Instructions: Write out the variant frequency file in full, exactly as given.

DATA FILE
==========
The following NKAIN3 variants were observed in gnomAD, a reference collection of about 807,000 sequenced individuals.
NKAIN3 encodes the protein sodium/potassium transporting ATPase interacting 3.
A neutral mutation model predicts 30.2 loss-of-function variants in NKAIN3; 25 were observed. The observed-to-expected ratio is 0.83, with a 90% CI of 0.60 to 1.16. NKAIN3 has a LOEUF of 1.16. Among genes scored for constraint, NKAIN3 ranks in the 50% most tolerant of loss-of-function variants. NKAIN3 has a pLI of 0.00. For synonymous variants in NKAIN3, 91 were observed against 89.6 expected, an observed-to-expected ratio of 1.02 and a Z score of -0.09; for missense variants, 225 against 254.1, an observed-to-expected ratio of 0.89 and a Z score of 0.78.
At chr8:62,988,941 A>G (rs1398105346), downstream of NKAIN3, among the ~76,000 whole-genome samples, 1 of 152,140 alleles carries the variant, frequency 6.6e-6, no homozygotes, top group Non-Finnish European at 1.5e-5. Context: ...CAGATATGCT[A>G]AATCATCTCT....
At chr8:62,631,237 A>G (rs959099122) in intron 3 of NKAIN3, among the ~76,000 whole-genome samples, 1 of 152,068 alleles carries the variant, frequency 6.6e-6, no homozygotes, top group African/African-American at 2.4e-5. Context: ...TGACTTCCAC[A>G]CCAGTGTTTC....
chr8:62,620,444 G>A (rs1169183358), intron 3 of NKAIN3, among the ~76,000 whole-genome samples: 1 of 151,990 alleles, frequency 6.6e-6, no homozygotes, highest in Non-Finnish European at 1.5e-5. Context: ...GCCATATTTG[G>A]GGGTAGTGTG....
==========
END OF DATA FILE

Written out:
The following NKAIN3 variants were observed in gnomAD, a reference collection of about 807,000 sequenced individuals.
NKAIN3 encodes the protein sodium/potassium transporting ATPase interacting 3.
A neutral mutation model predicts 30.2 loss-of-function variants in NKAIN3; 25 were observed. The observed-to-expected ratio is 0.83, with a 90% CI of 0.60 to 1.16. NKAIN3 has a LOEUF of 1.16. Among genes scored for constraint, NKAIN3 ranks in the 50% most tolerant of loss-of-function variants. NKAIN3 has a pLI of 0.00. For synonymous variants in NKAIN3, 91 were observed against 89.6 expected, an observed-to-expected ratio of 1.02 and a Z score of -0.09; for missense variants, 225 against 254.1, an observed-to-expected ratio of 0.89 and a Z score of 0.78.
At chr8:62,988,941 A>G (rs1398105346), downstream of NKAIN3, among the ~76,000 whole-genome samples, 1 of 152,140 alleles carries the variant, frequency 6.6e-6, no homozygotes, top group Non-Finnish European at 1.5e-5. Context: ...CAGATATGCT[A>G]AATCATCTCT....
At chr8:62,631,237 A>G (rs959099122) in intron 3 of NKAIN3, among the ~76,000 whole-genome samples, 1 of 152,068 alleles carries the variant, frequency 6.6e-6, no homozygotes, top group African/African-American at 2.4e-5. Context: ...TGACTTCCAC[A>G]CCAGTGTTTC....
chr8:62,620,444 G>A (rs1169183358), intron 3 of NKAIN3, among the ~76,000 whole-genome samples: 1 of 151,990 alleles, frequency 6.6e-6, no homozygotes, highest in Non-Finnish European at 1.5e-5. Context: ...GCCATATTTG[G>A]GGGTAGTGTG....